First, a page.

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NFL Europa Scrapped Over “Minor” Complications

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It has been made official by the National Football League that their de facto minor league, the World League… no, NFL Europa, will be folding, effective immediately. How you feel about this probably runs the gamut from vaguely concerned to disinterested, and I can understand your lack of sentiment.

The NFL originally gave birth to the World League of American Football, a rather hodge-podge league that was partially backed by the NFL and partially based in the United States. There were all sorts of interesting things about this league: 10 teams divided into three divisions; a "West Division" consisting of Sacramento, San Antonio, and Birmingham; and two unique rules – one assigning ascending point values to field goals based on distance, and another requiring one non-U.S born player on each of your squads (offense, defense, and special teams). This incarnation was so successful that it lasted a whopping two years before going under to fix the… kinks.

The team ditched its US base and came back wholly European, by keeping the teams that were already based in Barcelona, London, and Frankfurt, while adding franchises in Dusseldorf, Amsterdam, and Edinburgh. However, ratings and fan bases outside of Germany continued to flag, so in 1997, the league took bold new steps: the teams in London and Edinburgh would now play their home games in multiple stadiums within the country, and it would now become NFL Europe.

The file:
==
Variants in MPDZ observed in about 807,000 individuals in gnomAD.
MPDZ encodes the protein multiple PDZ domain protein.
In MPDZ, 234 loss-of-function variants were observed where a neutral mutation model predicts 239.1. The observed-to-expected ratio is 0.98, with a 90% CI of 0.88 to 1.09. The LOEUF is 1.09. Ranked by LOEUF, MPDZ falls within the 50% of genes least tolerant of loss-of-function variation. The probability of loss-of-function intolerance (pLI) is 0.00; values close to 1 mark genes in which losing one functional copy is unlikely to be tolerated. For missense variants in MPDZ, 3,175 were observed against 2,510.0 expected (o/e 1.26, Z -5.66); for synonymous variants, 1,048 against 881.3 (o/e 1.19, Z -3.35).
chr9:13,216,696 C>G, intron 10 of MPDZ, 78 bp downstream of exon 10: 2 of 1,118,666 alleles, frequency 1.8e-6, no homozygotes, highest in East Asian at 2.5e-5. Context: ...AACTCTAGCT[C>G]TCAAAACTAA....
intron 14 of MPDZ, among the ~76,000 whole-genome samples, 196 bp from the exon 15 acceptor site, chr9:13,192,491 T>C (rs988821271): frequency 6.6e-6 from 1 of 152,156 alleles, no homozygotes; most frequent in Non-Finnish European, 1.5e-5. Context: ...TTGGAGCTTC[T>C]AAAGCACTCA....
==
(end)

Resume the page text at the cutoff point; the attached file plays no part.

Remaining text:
After that, nothing would remain the same for long. The London Monarchs were shut down after 1998 and replaced with a team in Berlin. Then in 2003, the Barcelona Dragons and Scottish Claymores (the Edinburgh team) both folded and were replaced with a team in Cologne in 2004 and another in Hamburg in 2005.

Now it was the fall of 2005, and the league had changed significantly since its first inception. Now the NFL had what was touted as a European spring league, a place for young players to grow and develop, when what they really had was a league that had minimal presence or relevance outside of Germany where players went to live out their careers.

The league suffered another blow in 2006, when the league was forced to start and end the season a month earlier than usual due to the 2006 FIFA World Cup being played in the home stadiums of four of the five teams in the league. Between the shift in schedule, and most Europeans caring more about the round ball than the oblong one, the league saw another drop in already low attendance numbers.

Their past offseason move to once again rename the league, this time to NFL Europa, was a lot like that time your girlfriend ripped all your posters of hot chicks off your walls in a fit of rage, then tried to apologize and re-tape them back up a week later.

The NFL announced that the league had continued to lose money, to the tune of $30 million this past season – which should really come as no surprise to anyone who saw that the peak year for attendance, the league as a whole only averaged 19,000 fans per game.

This league suffered a lot of the same maladies that a number of struggling major US franchises suffer from: they couldn't decide what they wanted to be, and accordingly never committed. They never committed the money to promote or support the product they already had, nor did they commit the time and resources to develop the product further. The one remaining question now is, what happens to all those players who worked hard every day for their pseudo-homes for football? Perhaps they'll drift off into oblivion as well.

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